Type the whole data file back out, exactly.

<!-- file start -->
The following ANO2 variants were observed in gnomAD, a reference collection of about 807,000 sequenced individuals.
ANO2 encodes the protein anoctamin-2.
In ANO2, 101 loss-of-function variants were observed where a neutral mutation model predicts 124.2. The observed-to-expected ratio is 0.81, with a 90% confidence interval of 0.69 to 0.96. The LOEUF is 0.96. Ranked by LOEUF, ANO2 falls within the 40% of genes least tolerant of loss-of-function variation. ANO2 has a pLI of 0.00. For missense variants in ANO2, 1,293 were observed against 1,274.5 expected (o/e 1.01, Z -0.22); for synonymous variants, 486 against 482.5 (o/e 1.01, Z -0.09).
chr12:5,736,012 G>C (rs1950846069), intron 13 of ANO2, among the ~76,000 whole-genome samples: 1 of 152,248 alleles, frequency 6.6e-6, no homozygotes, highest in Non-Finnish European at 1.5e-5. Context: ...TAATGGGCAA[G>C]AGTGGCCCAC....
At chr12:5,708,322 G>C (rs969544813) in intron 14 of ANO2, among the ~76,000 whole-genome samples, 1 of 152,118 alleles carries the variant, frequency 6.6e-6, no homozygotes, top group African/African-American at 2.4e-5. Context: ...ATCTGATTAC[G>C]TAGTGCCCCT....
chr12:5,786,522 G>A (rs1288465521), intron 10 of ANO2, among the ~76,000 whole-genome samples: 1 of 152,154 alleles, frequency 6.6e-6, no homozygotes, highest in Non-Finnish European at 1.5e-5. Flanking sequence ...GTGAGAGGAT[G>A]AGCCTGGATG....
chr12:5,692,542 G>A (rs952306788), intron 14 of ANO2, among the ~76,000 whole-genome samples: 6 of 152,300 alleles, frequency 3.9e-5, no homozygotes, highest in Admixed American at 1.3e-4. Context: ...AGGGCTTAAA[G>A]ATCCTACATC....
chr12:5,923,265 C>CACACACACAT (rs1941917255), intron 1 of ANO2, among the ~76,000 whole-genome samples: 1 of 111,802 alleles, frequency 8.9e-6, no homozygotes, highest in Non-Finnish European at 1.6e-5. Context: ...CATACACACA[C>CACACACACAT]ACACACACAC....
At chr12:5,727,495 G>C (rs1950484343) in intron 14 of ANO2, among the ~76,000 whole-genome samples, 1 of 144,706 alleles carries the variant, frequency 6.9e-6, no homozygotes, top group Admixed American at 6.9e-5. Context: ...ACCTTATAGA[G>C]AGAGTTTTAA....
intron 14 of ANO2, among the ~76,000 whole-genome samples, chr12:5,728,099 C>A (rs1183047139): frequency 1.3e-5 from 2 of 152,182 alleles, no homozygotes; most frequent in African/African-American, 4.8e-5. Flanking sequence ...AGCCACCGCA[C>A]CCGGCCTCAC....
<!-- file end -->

The following ANO2 variants were observed in gnomAD, a reference collection of about 807,000 sequenced individuals.
ANO2 encodes the protein anoctamin-2.
In ANO2, 101 loss-of-function variants were observed where a neutral mutation model predicts 124.2. The observed-to-expected ratio is 0.81, with a 90% confidence interval of 0.69 to 0.96. The LOEUF is 0.96. Ranked by LOEUF, ANO2 falls within the 40% of genes least tolerant of loss-of-function variation. ANO2 has a pLI of 0.00. For missense variants in ANO2, 1,293 were observed against 1,274.5 expected (o/e 1.01, Z -0.22); for synonymous variants, 486 against 482.5 (o/e 1.01, Z -0.09).
chr12:5,736,012 G>C (rs1950846069), intron 13 of ANO2, among the ~76,000 whole-genome samples: 1 of 152,248 alleles, frequency 6.6e-6, no homozygotes, highest in Non-Finnish European at 1.5e-5. Context: ...TAATGGGCAA[G>C]AGTGGCCCAC....
At chr12:5,708,322 G>C (rs969544813) in intron 14 of ANO2, among the ~76,000 whole-genome samples, 1 of 152,118 alleles carries the variant, frequency 6.6e-6, no homozygotes, top group African/African-American at 2.4e-5. Context: ...ATCTGATTAC[G>C]TAGTGCCCCT....
chr12:5,786,522 G>A (rs1288465521), intron 10 of ANO2, among the ~76,000 whole-genome samples: 1 of 152,154 alleles, frequency 6.6e-6, no homozygotes, highest in Non-Finnish European at 1.5e-5. Flanking sequence ...GTGAGAGGAT[G>A]AGCCTGGATG....
chr12:5,692,542 G>A (rs952306788), intron 14 of ANO2, among the ~76,000 whole-genome samples: 6 of 152,300 alleles, frequency 3.9e-5, no homozygotes, highest in Admixed American at 1.3e-4. Context: ...AGGGCTTAAA[G>A]ATCCTACATC....
chr12:5,923,265 C>CACACACACAT (rs1941917255), intron 1 of ANO2, among the ~76,000 whole-genome samples: 1 of 111,802 alleles, frequency 8.9e-6, no homozygotes, highest in Non-Finnish European at 1.6e-5. Context: ...CATACACACA[C>CACACACACAT]ACACACACAC....
At chr12:5,727,495 G>C (rs1950484343) in intron 14 of ANO2, among the ~76,000 whole-genome samples, 1 of 144,706 alleles carries the variant, frequency 6.9e-6, no homozygotes, top group Admixed American at 6.9e-5. Context: ...ACCTTATAGA[G>C]AGAGTTTTAA....
intron 14 of ANO2, among the ~76,000 whole-genome samples, chr12:5,728,099 C>A (rs1183047139): frequency 1.3e-5 from 2 of 152,182 alleles, no homozygotes; most frequent in African/African-American, 4.8e-5. Flanking sequence ...AGCCACCGCA[C>A]CCGGCCTCAC....